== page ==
Following any risk assessment, it is also imperative that a diagnosis of any ‘comorbidity’ should prompt doctors to conduct renal function testing and monitoring. The second key message from the data is that documentation of AKI risk-associated comorbidities was associated with a greater awareness of the importance of measuring renal function, which suggests that Ethiopian doctors appreciate the importance of comorbidities as renal risk factors and the need for renal monitoring in affected patients. This statement requires qualification, however, as measurement of renal function was highest in those specialities (i.e. medicine) with the highest rate of documentation and enquiry of risk assessment, which implies that awareness of AKI outside the context of medical admissions is generally low.

While the patient’s clinical history provides one important risk assessment tool for AKI, it is also important to consider the risks associated with the treatment instituted while the patient is in hospital. A study conducted in an Ethiopian hospital has highlighted the burden of renal injury associated with the prescription of nephrotoxic drugs, with up to 10% of AKI directly ascribed to the use of nephrotoxic agents.9 Our data, comparing the prescribing patterns in each of the different departments, revealed great variability in the frequency of prescription of nephrotoxic medications. ACE inhibitors were most commonly prescribed in medical wards, probably reflecting an older patient cohort and presence of cardiovascular disease. Conversely, NSAIDs and aminoglycosides were more frequently prescribed among surgical patients for management of postoperative pain relief and prophylaxis of postoperative infection, respectively. In general, patients treated with nephrotoxic agents were not identified as an at-risk population, and therefore were not monitored for evidence of deteriorating renal function; this constitutes a lost opportunity for identifying and managing patients at high risk of AKI. Although the risk of developing nephrotoxicity following NSAID use is reported to be relatively low, the extensive prescription of NSAIDs for analgesia, when alternative agents are available, places many patients at unnecessary risk.16 , 17 It would be appropriate to review the choice of first-line agents in certain settings, especially for patients with other predisposing comorbidities. Undertaking careful monitoring of renal function in patients taking nephrotoxic medications would ensure early recognition of renal toxicity. If the drug is necessary, dosing intervals could be altered as appropriate for the degree of renal impairment.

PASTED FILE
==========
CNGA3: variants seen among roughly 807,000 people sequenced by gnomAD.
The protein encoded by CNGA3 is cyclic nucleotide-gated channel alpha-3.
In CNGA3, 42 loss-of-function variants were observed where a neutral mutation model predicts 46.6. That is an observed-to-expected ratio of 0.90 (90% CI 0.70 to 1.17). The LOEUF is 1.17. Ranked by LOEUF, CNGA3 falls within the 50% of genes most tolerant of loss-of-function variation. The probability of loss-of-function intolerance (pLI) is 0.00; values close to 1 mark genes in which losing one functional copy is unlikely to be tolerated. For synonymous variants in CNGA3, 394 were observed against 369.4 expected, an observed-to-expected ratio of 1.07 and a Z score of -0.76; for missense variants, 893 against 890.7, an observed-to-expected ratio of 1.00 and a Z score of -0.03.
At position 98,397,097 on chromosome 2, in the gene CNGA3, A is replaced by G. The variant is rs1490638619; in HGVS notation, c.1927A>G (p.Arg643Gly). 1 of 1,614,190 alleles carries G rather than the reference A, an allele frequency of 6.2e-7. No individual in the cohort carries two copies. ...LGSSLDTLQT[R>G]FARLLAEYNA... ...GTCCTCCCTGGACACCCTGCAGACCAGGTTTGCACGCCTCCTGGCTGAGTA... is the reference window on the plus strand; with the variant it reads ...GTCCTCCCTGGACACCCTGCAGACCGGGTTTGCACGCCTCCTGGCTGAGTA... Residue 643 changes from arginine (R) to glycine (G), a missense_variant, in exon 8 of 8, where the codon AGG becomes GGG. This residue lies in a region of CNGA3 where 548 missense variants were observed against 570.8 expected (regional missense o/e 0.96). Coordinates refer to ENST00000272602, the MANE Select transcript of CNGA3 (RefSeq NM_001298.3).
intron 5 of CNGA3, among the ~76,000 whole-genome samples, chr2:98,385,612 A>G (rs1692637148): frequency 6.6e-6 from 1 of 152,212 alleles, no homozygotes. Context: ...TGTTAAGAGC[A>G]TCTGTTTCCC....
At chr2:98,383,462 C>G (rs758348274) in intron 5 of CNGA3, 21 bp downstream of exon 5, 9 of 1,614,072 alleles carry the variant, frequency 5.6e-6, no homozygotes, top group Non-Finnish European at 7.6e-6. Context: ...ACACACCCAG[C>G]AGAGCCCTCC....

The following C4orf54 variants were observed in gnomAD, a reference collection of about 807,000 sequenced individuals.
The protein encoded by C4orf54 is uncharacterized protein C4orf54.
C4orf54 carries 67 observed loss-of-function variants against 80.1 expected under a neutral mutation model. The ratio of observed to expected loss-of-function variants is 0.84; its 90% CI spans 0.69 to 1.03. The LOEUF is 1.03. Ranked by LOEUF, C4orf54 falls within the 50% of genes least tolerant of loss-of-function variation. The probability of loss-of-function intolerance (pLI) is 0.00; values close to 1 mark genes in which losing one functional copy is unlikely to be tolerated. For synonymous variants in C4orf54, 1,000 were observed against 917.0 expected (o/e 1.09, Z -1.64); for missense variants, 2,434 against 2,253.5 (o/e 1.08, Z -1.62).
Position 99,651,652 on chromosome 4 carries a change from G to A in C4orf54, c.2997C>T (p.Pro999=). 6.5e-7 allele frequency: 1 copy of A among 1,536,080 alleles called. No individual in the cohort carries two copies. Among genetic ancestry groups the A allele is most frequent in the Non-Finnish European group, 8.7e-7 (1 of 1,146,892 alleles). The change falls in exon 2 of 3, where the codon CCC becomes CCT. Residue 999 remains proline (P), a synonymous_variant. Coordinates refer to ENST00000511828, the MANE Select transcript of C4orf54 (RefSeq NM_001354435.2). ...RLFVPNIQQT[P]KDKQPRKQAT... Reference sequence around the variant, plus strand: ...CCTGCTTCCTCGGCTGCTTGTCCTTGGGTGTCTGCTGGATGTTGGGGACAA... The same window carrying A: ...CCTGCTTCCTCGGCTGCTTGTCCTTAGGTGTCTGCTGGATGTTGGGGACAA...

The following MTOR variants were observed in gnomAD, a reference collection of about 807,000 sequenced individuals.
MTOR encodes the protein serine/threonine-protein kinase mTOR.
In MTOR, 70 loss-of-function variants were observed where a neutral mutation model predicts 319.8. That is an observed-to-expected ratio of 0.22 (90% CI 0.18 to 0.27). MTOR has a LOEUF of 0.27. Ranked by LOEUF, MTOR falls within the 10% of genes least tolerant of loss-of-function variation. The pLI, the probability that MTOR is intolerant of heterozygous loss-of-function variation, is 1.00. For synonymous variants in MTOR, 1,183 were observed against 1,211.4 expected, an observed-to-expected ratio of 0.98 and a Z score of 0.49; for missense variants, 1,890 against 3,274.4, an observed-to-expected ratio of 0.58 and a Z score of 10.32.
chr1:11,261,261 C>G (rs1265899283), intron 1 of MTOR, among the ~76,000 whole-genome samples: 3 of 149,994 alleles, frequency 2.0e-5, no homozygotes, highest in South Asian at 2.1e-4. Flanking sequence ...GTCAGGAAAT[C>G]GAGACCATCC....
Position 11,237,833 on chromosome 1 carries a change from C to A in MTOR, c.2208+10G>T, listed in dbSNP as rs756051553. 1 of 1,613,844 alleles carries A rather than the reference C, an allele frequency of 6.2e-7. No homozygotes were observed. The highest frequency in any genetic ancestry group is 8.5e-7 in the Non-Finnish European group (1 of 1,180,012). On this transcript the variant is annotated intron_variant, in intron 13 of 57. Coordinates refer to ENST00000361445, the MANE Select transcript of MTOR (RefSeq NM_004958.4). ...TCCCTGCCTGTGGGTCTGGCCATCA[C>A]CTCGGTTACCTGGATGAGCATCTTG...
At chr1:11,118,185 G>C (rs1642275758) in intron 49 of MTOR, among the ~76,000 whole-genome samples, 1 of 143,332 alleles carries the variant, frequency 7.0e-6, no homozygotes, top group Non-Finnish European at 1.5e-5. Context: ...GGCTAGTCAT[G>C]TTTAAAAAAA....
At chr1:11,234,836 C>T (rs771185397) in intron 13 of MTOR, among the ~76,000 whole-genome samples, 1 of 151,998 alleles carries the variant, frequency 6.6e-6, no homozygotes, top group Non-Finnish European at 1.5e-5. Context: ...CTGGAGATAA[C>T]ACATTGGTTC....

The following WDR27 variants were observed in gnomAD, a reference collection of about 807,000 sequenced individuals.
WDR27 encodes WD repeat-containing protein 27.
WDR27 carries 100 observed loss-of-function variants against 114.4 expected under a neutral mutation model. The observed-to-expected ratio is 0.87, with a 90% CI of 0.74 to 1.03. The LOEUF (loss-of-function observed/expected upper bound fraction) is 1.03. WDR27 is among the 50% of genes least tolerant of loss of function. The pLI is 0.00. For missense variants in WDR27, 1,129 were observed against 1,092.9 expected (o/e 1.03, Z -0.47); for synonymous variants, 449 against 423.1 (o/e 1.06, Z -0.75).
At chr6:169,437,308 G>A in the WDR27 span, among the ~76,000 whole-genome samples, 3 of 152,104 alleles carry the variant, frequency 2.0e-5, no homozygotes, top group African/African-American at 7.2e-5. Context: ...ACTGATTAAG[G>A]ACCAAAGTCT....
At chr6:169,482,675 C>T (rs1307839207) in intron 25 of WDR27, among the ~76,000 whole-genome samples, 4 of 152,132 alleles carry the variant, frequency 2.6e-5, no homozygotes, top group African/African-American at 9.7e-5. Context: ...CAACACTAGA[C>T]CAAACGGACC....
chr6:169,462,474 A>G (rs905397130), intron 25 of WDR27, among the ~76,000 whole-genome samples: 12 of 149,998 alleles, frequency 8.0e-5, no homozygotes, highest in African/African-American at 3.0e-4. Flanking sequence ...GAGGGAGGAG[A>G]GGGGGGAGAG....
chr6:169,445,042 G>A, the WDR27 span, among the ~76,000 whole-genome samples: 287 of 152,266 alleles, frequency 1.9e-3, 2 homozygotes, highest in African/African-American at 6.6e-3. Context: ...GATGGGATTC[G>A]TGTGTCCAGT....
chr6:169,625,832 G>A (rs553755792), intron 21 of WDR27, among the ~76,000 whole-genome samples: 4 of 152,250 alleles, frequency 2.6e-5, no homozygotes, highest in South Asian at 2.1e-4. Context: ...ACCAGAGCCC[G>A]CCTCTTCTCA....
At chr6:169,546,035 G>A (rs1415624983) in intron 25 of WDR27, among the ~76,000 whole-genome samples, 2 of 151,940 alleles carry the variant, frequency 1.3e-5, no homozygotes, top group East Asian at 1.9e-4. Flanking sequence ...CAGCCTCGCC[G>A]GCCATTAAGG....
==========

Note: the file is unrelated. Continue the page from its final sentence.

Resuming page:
In summary: We have demonstrated that the presence of important risk factors for the development of AKI frequently goes unrecognised. This situation is not unique to Ethiopia. The recent National Confidential Enquiry into Perioperative Deaths (NCEPOD) report on AKI in the UK suggested that 29% of patients did not have adequate assessment or documentation of the most important risk factors for AKI, and that, as in the current study, medication and comorbidity were among the most common risk factors not assessed.5 In a country such as Ethiopia where access to dialysis is severely restricted, early identification of AKI and pre-empting the need for renal replacement therapy is of particular importance, and is likely to directly affect patient mortality. Identification of high-risk patients would be improved by providing education about the key risk factors associated with the development of AKI, and instituting protocols and systems whereby subgroups of high-risk patients might be targeted for monitoring. Understanding current practice is the key first step in the design of any future strategy for minimising risk. With the data presented, and with the support of the International Society of Nephrology’s Sister Centre Programme, we are well placed to develop a platform for future learning that will disseminate key messages aimed at modifying medical behaviour. The provision of locally applicable guidelines, which can drive a self-sustaining cycle of audit, should ultimately have a positive effect on the prevalence of AKI in Ethiopia.


Acknowledgments.
This work was supported by the International Society of Nephrology’s Sister Centre Programme, which was established in 2010. Travel costs were supported by the award of a Baxter Clinical Evidence Council Research Grant.


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Accepted 11 March 2013.